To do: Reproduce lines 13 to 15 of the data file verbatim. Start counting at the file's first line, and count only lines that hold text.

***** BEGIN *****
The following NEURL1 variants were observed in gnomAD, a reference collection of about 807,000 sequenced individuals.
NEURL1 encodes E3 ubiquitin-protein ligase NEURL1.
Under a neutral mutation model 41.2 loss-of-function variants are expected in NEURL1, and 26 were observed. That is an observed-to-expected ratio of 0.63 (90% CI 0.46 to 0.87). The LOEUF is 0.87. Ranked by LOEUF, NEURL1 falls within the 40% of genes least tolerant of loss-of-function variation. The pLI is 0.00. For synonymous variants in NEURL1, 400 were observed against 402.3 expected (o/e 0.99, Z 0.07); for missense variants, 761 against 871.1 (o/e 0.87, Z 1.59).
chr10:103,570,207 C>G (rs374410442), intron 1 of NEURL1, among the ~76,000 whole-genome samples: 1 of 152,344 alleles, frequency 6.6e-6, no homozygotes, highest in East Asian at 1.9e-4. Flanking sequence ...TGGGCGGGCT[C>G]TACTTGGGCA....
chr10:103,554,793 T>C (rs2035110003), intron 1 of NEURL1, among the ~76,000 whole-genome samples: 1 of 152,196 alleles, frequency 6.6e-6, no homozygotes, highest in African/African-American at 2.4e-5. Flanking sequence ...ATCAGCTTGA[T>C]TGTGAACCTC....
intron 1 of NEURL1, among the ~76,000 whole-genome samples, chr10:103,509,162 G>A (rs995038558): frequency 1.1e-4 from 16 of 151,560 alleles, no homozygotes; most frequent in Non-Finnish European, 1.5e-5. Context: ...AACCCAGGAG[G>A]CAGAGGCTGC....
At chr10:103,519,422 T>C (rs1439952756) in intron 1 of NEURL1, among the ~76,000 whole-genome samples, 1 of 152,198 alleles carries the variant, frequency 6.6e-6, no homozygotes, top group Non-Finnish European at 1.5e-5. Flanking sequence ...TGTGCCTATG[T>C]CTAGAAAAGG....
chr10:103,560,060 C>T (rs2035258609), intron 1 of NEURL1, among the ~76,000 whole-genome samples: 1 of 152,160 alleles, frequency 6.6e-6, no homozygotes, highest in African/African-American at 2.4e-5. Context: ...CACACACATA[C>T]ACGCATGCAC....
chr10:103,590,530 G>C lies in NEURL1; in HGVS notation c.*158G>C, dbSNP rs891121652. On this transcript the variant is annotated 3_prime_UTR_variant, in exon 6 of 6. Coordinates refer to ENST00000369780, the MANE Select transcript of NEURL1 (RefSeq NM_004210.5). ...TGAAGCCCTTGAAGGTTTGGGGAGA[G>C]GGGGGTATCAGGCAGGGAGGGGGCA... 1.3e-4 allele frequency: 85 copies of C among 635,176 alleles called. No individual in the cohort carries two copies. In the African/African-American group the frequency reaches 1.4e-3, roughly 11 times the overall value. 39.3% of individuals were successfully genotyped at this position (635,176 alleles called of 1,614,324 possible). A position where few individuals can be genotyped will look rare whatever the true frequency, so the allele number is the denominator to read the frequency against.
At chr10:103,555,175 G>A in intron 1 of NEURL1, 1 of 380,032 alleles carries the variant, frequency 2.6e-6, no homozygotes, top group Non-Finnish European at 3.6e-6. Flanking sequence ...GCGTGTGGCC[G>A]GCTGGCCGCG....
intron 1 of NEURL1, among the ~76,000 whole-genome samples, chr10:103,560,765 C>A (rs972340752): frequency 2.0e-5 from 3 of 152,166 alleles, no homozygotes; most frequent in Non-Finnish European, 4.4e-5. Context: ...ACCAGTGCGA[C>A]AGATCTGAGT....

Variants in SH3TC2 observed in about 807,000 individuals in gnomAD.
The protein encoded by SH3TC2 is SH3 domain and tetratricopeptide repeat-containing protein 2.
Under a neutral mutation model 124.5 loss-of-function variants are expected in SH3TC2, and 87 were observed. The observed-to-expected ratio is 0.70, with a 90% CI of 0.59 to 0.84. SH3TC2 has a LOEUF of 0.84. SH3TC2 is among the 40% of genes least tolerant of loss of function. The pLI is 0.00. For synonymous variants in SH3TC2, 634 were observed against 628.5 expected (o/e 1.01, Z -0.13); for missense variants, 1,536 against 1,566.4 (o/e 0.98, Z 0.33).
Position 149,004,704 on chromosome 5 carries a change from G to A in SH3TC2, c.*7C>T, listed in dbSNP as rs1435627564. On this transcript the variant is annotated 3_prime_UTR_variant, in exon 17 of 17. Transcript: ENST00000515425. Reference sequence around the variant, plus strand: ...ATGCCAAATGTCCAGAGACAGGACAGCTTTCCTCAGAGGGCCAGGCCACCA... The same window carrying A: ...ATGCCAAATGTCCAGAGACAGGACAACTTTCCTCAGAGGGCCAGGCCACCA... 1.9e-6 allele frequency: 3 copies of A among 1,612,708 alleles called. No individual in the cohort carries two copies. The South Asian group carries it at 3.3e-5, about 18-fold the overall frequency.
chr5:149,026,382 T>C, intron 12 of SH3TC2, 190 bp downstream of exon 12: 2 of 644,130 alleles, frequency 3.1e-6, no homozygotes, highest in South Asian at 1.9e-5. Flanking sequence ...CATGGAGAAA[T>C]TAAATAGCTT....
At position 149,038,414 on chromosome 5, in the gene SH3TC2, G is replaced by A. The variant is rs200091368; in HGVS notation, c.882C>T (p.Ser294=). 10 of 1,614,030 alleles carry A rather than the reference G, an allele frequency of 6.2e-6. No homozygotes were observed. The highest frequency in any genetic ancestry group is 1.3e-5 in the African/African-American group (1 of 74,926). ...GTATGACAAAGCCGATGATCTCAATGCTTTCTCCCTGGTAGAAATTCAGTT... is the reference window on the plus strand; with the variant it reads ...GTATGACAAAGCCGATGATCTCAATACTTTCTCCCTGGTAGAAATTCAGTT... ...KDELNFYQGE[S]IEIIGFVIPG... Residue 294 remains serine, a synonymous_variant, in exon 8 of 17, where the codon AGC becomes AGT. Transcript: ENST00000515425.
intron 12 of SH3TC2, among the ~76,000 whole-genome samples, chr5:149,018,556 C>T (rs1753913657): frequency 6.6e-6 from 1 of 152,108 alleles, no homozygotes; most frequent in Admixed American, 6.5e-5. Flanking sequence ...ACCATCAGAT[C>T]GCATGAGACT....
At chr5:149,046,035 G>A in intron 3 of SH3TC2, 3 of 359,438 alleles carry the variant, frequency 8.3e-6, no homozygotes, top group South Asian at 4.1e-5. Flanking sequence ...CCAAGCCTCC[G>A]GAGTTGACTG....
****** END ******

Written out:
The protein encoded by SH3TC2 is SH3 domain and tetratricopeptide repeat-containing protein 2.
Under a neutral mutation model 124.5 loss-of-function variants are expected in SH3TC2, and 87 were observed. The observed-to-expected ratio is 0.70, with a 90% CI of 0.59 to 0.84. SH3TC2 has a LOEUF of 0.84. SH3TC2 is among the 40% of genes least tolerant of loss of function. The pLI is 0.00. For synonymous variants in SH3TC2, 634 were observed against 628.5 expected (o/e 1.01, Z -0.13); for missense variants, 1,536 against 1,566.4 (o/e 0.98, Z 0.33).
Position 149,004,704 on chromosome 5 carries a change from G to A in SH3TC2, c.*7C>T, listed in dbSNP as rs1435627564. On this transcript the variant is annotated 3_prime_UTR_variant, in exon 17 of 17. Transcript: ENST00000515425. Reference sequence around the variant, plus strand: ...ATGCCAAATGTCCAGAGACAGGACAGCTTTCCTCAGAGGGCCAGGCCACCA... The same window carrying A: ...ATGCCAAATGTCCAGAGACAGGACAACTTTCCTCAGAGGGCCAGGCCACCA... 1.9e-6 allele frequency: 3 copies of A among 1,612,708 alleles called. No individual in the cohort carries two copies. The South Asian group carries it at 3.3e-5, about 18-fold the overall frequency.